Sex discrimination occurs when someone is unfairly disadvantaged for reasons relating to their gender. Although illegal in the UK for many years, with the law now being incorporated into the Equality Act 2010, sex discrimination remains an issue. The number of women in senior roles is a key challenge for organisations, and discrimination against women on pregnancy or maternity grounds appears to be increasing. Protection against discrimination on the grounds of gender reassignment is also part of the Equality Act.

This factsheet offers an overview of the different types of discrimination with examples of how these apply to sex discrimination. It looks at the specific issues faced by women and those who are transgender. The factsheets suggests good employment practices, covering recruitment and selection, performance management and development, dress codes, the importance of communication and training, and advises employers to review all policies and procedures to ensure they are fair.

Sex discrimination has been illegal for more than 30 years. The Equality Act 2010 has streamlined these provisions as well as those relating to transgender discrimination.

Employers must make sure that prejudice and stereotyping on the basis of gender and gender reassignment don’t result in unfair decisions about jobs and training. Failure to do so could lead not only to legal costs but also lost productivity and damaged employer brand and reputation, as well as lost opportunities to gain business advantage. Increasingly, evidence points to the importance of managing diversity to gain a competitive edge in challenging markets.

Managing diversity successfully is key to good people management. Hard facts show that people can make the difference between good and poor business performance. But everyone is different, and unless employers take diversity seriously they will fail to recruit, retain and engage the commitment of the talent needed to sustain and improve business performance. Research into recruitment and talent management shows how diversity is being addressed to increase effectiveness. Employers who take no action to promote diversity will quickly become less attractive to the diverse labour market for talent and skills, and they will lose out to competitors.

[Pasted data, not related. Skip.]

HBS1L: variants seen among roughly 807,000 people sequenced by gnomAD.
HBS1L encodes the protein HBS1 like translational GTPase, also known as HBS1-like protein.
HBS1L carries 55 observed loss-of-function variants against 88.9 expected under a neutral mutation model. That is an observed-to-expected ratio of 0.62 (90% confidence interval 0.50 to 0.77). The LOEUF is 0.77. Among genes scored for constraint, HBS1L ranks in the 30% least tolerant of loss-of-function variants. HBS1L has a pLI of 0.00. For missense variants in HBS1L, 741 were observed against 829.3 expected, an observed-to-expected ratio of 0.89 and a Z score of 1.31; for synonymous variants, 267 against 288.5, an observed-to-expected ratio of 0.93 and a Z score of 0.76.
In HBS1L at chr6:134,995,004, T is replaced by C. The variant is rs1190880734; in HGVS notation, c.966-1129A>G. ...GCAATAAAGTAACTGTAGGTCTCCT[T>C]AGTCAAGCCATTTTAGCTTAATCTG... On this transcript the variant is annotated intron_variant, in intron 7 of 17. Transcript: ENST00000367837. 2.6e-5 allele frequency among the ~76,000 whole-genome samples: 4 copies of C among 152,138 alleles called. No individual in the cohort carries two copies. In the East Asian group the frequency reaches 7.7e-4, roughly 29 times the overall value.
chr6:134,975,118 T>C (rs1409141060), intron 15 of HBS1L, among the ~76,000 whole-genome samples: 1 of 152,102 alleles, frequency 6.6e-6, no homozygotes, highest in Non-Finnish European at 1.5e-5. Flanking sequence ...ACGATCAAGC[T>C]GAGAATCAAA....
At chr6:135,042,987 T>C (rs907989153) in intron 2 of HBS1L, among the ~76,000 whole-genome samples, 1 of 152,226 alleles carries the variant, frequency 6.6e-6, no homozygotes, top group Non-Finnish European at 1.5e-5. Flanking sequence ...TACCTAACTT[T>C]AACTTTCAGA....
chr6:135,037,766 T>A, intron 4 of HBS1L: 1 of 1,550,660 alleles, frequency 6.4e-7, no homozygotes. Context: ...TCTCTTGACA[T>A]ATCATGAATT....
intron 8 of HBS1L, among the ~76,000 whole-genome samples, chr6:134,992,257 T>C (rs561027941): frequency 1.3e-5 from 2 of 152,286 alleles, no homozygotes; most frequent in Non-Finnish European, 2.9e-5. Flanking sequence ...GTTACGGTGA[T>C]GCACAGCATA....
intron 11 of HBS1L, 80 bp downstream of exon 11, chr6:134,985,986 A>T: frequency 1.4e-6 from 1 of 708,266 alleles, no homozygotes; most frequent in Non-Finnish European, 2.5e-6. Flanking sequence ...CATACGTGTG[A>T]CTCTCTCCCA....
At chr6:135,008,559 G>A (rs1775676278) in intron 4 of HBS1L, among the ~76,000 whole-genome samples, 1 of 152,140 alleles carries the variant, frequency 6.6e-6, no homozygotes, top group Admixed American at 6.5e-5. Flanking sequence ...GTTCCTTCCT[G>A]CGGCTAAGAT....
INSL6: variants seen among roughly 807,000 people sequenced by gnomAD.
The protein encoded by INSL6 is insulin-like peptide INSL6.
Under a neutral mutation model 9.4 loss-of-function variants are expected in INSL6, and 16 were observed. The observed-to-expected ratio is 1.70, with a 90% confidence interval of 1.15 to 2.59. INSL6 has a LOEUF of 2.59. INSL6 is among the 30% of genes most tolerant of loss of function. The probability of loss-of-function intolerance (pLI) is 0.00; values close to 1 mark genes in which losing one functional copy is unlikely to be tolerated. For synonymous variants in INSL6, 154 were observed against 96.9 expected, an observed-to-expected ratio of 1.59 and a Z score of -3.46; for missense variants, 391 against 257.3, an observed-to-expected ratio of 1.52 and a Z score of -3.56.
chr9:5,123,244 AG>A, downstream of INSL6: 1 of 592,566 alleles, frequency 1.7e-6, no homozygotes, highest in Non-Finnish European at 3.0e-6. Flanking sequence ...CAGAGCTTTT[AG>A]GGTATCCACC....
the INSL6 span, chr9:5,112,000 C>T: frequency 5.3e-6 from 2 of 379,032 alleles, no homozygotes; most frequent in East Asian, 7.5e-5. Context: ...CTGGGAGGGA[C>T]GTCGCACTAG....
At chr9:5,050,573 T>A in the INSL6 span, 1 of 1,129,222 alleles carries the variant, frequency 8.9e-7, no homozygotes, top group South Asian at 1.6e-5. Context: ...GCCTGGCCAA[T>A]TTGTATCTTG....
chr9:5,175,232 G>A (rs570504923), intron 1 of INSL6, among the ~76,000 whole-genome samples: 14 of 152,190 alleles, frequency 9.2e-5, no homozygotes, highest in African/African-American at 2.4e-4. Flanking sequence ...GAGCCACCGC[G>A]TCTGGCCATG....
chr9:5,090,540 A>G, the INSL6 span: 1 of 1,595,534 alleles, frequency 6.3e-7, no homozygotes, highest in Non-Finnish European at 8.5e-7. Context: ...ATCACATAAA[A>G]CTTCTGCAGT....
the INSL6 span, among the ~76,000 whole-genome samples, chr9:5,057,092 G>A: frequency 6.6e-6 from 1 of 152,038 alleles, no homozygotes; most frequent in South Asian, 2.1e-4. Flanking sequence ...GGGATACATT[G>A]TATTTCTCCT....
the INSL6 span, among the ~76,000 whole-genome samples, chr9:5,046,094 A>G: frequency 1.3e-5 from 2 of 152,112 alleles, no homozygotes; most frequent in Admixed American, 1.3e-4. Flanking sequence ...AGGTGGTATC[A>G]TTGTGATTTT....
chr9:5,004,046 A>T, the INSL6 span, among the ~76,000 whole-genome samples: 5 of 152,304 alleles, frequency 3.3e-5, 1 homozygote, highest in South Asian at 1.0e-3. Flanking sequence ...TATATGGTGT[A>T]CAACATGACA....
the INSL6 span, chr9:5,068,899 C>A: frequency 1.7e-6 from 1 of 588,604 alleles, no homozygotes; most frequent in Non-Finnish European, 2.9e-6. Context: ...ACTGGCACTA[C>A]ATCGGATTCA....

These forms of discrimination arise when someone is unfairly disadvantaged for reasons related to their gender or gender reassignment.

Such discrimination can:

  • adversely affect employment opportunities
  • result in failure to consider skills-based abilities, potential and experience
  • result in significant legal costs, compensation and settlements paid to avoid defending expensive discrimination claims.

For convenience, we've grouped together discrimination relating to gender and gender reassignment in this factsheet.

In the UK, all legislation relating to discrimination is contained within the Equality Act 2010. The Equality and Human Rights Commission publish a range of guidance on all aspects of the Equality Act (see Useful contacts).

In the referendum on 23 June 2016 the UK voted to leave the EU. Our Brexit hub has more on what the implications might be for employment law.

Types of discrimination

Within the Equality Act 2010 there are a number of different types of discrimination. These apply to the protected characteristics, which include sex, and gender reassignment.

Direct discrimination

This applies to all protected characteristics. It's treating someone less favourably than another person because of a protected characteristic that they have. For example, it’s promoting a man rather than a woman because of their gender.

Indirect discrimination

Indirect discrimination occurs when:

  1. a provision, criterion or practice is applied to all, and:
  2. it puts a group with a protected characteristic at a disadvantage when compared with another group
  3. an individual is put at a disadvantage
  4. the employer cannot show it to be a proportionate means of achieving a legitimate aim.

For example, if a criterion is put in place that part-time working isn’t allowed in a particular role this makes it more difficult for women to have that role compared with men, because they are more likely to have child-caring responsibilities. If a woman applies to be promoted into that role but she isn’t successful, it would be indirect discrimination if the employer cannot show that full-time working is an essential requirement.

Associative discrimination

This is treating someone less favourably because they associate with an individual who has a protected characteristic. For example, treating someone less favourably because their son has undergone gender reassignment.

Perceptive discrimination